Statement of Position: The League of Women Voters of Chester County believes that quality vocational education programs are important both to students and potential employers. It also believes that there should not be a separate Bureau of Vocational Education; more emphasis should be placed on training adults and qualified special education students, rather than scaling down current programs; more effort be made to achieve a positive public perception of the vocational education system; the use of the vocational education facilities be maximized; that the schools aggressively promote their staff and facilities to the general public for day and evening courses for post high school graduates or older undergraduates.

Background: The position was reached in 1988. The county study was initiated by one done originally by LWV of Central Chester County.

HEALTH CARE: Promote quality, equity and accountability in the administration and delivery of health services, including those under managed care.

Statement of Position: The League aims to provide opportunities for better understanding of health care issues, and to promote public and private sector policies that ensure quality, equity and accountability in the administration and delivery of health services, including those under managed care.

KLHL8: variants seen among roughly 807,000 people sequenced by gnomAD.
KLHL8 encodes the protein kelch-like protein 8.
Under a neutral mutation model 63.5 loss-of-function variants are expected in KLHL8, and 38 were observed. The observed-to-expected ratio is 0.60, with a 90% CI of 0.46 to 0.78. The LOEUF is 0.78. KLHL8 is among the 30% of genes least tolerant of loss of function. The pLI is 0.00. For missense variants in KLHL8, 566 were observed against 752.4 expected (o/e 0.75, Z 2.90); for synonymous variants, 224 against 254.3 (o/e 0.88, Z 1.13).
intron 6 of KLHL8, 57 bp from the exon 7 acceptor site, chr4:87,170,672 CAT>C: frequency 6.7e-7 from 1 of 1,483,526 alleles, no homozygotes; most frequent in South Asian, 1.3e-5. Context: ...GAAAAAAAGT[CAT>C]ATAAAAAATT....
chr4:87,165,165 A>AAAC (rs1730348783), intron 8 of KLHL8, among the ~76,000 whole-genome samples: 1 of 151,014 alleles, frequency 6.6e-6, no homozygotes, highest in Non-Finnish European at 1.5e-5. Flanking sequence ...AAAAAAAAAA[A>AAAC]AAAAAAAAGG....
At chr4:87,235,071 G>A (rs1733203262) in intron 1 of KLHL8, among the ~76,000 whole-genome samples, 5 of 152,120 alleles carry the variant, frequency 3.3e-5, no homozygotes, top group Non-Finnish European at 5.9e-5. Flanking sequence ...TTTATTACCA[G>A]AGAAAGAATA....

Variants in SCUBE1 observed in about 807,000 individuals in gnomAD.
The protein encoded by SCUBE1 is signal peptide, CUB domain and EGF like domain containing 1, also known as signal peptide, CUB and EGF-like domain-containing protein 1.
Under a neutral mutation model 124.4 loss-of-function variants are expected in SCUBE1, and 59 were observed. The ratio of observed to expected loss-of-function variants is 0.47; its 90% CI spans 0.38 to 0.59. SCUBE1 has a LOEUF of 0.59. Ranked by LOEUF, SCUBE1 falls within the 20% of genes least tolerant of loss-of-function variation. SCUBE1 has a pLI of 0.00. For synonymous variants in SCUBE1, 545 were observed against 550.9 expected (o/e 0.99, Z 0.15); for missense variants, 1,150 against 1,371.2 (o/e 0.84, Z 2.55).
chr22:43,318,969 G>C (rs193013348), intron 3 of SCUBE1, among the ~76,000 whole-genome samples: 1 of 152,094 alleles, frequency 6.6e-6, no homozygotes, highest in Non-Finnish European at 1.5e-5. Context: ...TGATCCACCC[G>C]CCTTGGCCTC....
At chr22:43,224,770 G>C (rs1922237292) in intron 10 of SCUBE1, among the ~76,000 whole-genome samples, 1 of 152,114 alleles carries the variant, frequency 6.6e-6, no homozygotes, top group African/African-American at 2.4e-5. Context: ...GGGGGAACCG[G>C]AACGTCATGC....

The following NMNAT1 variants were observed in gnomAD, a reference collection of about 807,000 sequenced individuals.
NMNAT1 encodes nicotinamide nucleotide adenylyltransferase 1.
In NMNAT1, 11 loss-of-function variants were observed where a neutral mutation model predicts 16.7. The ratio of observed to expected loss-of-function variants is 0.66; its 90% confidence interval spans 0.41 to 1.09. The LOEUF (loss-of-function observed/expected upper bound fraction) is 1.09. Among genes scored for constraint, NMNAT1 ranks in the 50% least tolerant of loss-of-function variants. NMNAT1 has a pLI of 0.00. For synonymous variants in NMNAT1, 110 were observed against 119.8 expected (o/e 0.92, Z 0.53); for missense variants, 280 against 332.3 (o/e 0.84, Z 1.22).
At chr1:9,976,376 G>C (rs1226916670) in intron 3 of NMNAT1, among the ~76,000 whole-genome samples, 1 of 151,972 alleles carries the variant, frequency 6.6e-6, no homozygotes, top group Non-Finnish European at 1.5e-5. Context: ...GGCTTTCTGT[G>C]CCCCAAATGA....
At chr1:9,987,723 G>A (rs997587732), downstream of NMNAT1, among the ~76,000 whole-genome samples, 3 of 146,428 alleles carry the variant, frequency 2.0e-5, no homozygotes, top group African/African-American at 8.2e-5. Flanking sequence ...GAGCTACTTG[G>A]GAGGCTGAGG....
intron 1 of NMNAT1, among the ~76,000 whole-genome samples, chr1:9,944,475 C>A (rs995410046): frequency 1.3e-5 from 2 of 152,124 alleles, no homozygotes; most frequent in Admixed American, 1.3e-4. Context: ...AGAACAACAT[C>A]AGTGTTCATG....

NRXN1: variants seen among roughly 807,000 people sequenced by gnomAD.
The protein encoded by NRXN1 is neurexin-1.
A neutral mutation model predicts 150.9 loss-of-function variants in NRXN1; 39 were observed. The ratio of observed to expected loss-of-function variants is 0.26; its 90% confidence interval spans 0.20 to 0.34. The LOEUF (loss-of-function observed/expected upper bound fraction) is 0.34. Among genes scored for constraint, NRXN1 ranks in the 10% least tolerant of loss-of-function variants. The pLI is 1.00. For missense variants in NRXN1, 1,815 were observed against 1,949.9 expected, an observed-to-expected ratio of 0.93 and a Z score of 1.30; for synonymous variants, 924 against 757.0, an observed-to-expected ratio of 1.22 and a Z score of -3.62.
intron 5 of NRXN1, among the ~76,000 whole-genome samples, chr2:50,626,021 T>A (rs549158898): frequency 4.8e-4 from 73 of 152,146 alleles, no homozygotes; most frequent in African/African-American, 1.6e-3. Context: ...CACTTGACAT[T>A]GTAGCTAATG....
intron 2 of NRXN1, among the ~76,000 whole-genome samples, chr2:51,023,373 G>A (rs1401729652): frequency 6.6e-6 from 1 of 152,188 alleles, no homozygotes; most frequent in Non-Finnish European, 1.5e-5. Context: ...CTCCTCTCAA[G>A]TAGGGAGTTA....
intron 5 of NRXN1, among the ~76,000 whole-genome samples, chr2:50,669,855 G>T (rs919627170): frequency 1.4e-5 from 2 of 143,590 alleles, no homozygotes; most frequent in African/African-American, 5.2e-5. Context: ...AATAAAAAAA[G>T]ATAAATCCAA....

Background: A study to evaluate HMO-managed care was adopted in 1996. After surveying HMOs in Chester County, studying published reports, interviewing provider and consumer groups and holding a public forum, the LWVCC, in 1997, co-founded Chester County Citizens for Quality Managed Care, a coalition of health care providers and consumers. In 2000, the coalition broadened its scope to include other health concerns and to involve more organizations. The LWVUS, which has had a health care position since 1993, also began focusing on other health issues which have aroused public attention: Medicare reform, prescription drugs for seniors, the uninsured, long term care, as well as managed care/patients’ rights. The national League priorities, the county coalition’s revised mission, and our local program revision all reflect this broader scope.